Provided by: xsupplicant_1.2.1-0ubuntu1_i386 bug


       xsupplicant — 802.1x supplicant (client)


       xsupplicant [-W]  [-c config file]  [-i device]  [-d debug level]


       IEEE 802.1x is a port based authentication protocol used to help secure
       wired and wireless networks by forcing computers to authenticate before
       obtaining  conectivity  and joining the network. xsupplicant provides a
       means for Linux machines to authenticate with  a  RADIUS  server  using
       802.1x and various EAP protocols.


       xsupplicant’s command options are as follows:

       -c config file
                 Specify   an   alternate   configuration  file,  defaults  to

       -i interface
                 Specify the network interface to use when  attempting  802.1x
                 authentication.  Defaults to all interfaces or to whatever is
                 dictated  by   the   allow_interfaces   and   deny_interfaces
                 directives of xusupplicant.conf

       -d debug level
                 Sets a debug level, causing extra debugging information to be
                 written to standard out. Defaults to 0, and can be set  to  a
                 maximum  of  7.  The  higher  the  value  the  more output is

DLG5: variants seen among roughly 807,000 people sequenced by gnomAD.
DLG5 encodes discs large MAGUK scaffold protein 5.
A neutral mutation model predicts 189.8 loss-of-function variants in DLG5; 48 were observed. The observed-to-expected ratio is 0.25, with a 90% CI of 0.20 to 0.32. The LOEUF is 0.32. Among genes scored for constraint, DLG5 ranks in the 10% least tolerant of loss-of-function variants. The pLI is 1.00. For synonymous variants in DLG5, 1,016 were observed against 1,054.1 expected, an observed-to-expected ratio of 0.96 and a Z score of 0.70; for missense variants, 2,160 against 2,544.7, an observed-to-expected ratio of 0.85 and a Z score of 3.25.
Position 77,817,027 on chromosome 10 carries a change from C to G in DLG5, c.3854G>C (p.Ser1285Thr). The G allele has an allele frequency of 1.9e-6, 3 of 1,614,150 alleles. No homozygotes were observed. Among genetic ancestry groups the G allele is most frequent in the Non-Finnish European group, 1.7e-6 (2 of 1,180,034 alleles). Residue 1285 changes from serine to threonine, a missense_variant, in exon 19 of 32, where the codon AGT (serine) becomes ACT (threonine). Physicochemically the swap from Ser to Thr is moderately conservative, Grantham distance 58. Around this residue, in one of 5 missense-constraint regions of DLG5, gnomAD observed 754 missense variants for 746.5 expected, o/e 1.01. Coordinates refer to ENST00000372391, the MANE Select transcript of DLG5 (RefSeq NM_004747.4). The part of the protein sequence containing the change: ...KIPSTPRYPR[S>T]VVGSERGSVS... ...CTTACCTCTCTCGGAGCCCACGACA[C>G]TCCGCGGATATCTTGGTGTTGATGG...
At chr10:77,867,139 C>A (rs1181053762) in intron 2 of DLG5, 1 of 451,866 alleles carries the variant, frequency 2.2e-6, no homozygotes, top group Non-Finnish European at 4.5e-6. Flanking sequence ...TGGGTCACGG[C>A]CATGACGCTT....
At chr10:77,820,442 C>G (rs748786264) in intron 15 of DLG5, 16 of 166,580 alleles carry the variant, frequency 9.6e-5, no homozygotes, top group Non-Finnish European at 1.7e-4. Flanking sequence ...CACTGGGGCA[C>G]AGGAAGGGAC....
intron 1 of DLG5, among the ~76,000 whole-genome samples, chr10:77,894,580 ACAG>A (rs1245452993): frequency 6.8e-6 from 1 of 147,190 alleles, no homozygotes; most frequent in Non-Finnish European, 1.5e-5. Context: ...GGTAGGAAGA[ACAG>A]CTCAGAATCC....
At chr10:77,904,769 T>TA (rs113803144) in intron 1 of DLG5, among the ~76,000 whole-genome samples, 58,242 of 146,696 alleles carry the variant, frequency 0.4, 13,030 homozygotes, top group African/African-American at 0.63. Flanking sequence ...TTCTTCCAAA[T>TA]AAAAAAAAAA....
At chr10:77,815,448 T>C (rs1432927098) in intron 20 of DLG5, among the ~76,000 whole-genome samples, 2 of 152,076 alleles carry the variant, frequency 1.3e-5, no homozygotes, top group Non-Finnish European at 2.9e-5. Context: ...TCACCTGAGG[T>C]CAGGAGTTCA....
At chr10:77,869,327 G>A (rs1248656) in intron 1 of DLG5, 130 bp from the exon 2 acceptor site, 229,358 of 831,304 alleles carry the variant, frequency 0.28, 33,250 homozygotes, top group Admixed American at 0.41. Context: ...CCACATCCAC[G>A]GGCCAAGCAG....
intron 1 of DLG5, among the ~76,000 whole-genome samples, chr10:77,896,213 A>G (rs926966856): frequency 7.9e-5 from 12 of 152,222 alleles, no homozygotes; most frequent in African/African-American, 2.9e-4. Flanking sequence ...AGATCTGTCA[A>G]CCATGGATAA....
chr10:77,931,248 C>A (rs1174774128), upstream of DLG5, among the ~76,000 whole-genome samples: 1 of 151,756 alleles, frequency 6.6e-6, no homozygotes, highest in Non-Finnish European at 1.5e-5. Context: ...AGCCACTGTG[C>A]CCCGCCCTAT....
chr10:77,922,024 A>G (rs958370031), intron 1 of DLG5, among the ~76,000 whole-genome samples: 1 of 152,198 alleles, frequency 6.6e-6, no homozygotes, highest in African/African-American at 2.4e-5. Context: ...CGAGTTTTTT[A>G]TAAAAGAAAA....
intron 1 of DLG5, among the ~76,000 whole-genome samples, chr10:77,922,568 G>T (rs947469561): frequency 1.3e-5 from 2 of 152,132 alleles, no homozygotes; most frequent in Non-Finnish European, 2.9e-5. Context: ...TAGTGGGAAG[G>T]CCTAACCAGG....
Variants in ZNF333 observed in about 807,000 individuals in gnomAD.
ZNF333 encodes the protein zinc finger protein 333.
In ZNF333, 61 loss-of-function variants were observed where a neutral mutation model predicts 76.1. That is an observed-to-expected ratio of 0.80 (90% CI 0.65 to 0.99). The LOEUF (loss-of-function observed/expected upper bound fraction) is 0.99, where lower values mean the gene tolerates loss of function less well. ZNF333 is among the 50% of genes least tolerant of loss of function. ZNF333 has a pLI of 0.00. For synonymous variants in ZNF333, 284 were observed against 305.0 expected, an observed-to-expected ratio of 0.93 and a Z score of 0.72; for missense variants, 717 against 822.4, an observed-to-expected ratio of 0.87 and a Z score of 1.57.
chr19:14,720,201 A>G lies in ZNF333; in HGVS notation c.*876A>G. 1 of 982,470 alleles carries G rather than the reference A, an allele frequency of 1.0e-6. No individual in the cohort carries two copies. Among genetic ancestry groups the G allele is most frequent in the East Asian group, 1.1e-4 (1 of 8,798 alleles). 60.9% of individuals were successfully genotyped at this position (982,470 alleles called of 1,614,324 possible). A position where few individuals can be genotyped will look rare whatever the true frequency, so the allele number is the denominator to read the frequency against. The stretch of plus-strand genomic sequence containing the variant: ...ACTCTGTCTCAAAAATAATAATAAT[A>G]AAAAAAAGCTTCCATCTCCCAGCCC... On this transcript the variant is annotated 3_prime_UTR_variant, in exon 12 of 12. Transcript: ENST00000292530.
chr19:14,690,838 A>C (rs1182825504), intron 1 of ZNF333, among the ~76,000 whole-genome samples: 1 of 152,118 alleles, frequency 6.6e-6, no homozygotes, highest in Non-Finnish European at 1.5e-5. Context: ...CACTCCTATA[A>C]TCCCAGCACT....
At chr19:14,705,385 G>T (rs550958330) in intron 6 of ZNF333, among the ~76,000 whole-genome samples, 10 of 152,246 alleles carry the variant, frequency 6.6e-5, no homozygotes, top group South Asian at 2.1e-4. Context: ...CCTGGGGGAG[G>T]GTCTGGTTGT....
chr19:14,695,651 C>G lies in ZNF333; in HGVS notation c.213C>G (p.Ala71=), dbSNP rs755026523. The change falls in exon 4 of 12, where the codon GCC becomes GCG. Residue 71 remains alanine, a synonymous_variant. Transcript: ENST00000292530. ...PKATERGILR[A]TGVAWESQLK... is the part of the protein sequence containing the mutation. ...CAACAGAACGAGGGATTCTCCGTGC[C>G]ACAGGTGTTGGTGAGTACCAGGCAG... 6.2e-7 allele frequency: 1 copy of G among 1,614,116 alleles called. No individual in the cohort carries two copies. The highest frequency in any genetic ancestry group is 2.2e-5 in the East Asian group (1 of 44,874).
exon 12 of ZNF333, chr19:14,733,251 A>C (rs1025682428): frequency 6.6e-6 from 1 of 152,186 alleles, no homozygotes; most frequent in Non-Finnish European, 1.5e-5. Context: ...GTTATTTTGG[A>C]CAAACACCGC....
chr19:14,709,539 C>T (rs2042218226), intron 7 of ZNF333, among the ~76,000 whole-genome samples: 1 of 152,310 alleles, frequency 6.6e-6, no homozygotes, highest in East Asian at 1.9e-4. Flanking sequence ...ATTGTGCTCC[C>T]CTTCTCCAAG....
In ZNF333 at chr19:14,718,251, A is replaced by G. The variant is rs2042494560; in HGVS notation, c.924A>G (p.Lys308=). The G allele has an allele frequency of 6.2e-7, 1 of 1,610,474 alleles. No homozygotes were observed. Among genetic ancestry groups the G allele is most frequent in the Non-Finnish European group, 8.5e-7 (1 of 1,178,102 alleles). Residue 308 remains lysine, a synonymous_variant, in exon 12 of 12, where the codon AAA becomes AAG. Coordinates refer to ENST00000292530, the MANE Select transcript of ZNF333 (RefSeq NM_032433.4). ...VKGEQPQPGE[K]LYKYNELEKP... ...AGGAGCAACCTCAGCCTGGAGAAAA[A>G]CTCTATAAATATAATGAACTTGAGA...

-f        Forces xsupplicant to  run  in  the  foreground  and  log  to
                 standard out, (useful for debugging).


       xsup_set_pwd (1), config-parser (1), xsup_monitor (1)

       The Open1x User Guide in /usr/share/doc/xsupplicant.


       xsupplicant was written by Arunesh Mishra <>, Nick L.
       Petroni     Jr.      <>,     Bryan     D.      Payne
       <>, Chris Hessing <>, and Terry
       Simons <>.

       This manual page was written by Eric  Evans  <>  for
       the  Debian  system (but may be used by others).  Permission is granted
       to copy, distribute and/or modify this document under the terms of  the
       GNU  General  Public  License, Version 2 any later version published by
       the Free Software Foundation.

       On Debian systems, the complete text of the GNU General Public  License
       can be found in /usr/share/common-licenses/GPL.